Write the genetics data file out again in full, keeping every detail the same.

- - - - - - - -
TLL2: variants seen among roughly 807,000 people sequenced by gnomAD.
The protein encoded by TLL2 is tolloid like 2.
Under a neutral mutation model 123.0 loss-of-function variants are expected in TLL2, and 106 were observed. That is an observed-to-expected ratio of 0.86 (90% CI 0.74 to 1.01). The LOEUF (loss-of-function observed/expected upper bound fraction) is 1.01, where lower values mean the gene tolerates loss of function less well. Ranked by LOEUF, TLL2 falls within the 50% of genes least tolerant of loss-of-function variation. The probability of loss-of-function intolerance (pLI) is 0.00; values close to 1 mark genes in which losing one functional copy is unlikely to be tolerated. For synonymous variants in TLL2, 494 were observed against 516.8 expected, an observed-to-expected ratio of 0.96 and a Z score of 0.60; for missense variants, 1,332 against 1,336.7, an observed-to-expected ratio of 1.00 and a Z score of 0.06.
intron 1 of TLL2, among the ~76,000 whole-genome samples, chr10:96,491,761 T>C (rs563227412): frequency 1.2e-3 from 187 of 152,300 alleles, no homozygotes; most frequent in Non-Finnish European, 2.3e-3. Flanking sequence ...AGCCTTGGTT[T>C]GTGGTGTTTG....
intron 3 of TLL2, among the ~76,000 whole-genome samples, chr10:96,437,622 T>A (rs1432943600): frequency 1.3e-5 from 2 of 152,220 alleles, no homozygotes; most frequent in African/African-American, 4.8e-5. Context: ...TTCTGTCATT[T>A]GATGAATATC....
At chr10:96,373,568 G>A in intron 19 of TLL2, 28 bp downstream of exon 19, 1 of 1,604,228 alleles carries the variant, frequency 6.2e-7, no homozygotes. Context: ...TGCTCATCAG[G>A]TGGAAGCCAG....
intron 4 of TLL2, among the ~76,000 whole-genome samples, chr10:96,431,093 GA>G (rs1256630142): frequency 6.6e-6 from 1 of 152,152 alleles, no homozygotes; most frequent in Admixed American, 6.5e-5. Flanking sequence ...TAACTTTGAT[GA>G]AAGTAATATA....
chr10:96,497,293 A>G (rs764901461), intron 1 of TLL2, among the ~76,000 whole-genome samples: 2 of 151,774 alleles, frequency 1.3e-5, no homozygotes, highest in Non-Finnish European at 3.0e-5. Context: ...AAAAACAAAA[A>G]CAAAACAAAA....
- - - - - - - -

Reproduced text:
TLL2: variants seen among roughly 807,000 people sequenced by gnomAD.
The protein encoded by TLL2 is tolloid like 2.
Under a neutral mutation model 123.0 loss-of-function variants are expected in TLL2, and 106 were observed. That is an observed-to-expected ratio of 0.86 (90% CI 0.74 to 1.01). The LOEUF (loss-of-function observed/expected upper bound fraction) is 1.01, where lower values mean the gene tolerates loss of function less well. Ranked by LOEUF, TLL2 falls within the 50% of genes least tolerant of loss-of-function variation. The probability of loss-of-function intolerance (pLI) is 0.00; values close to 1 mark genes in which losing one functional copy is unlikely to be tolerated. For synonymous variants in TLL2, 494 were observed against 516.8 expected, an observed-to-expected ratio of 0.96 and a Z score of 0.60; for missense variants, 1,332 against 1,336.7, an observed-to-expected ratio of 1.00 and a Z score of 0.06.
intron 1 of TLL2, among the ~76,000 whole-genome samples, chr10:96,491,761 T>C (rs563227412): frequency 1.2e-3 from 187 of 152,300 alleles, no homozygotes; most frequent in Non-Finnish European, 2.3e-3. Flanking sequence ...AGCCTTGGTT[T>C]GTGGTGTTTG....
intron 3 of TLL2, among the ~76,000 whole-genome samples, chr10:96,437,622 T>A (rs1432943600): frequency 1.3e-5 from 2 of 152,220 alleles, no homozygotes; most frequent in African/African-American, 4.8e-5. Context: ...TTCTGTCATT[T>A]GATGAATATC....
At chr10:96,373,568 G>A in intron 19 of TLL2, 28 bp downstream of exon 19, 1 of 1,604,228 alleles carries the variant, frequency 6.2e-7, no homozygotes. Context: ...TGCTCATCAG[G>A]TGGAAGCCAG....
intron 4 of TLL2, among the ~76,000 whole-genome samples, chr10:96,431,093 GA>G (rs1256630142): frequency 6.6e-6 from 1 of 152,152 alleles, no homozygotes; most frequent in Admixed American, 6.5e-5. Flanking sequence ...TAACTTTGAT[GA>G]AAGTAATATA....
chr10:96,497,293 A>G (rs764901461), intron 1 of TLL2, among the ~76,000 whole-genome samples: 2 of 151,774 alleles, frequency 1.3e-5, no homozygotes, highest in Non-Finnish European at 3.0e-5. Context: ...AAAAACAAAA[A>G]CAAAACAAAA....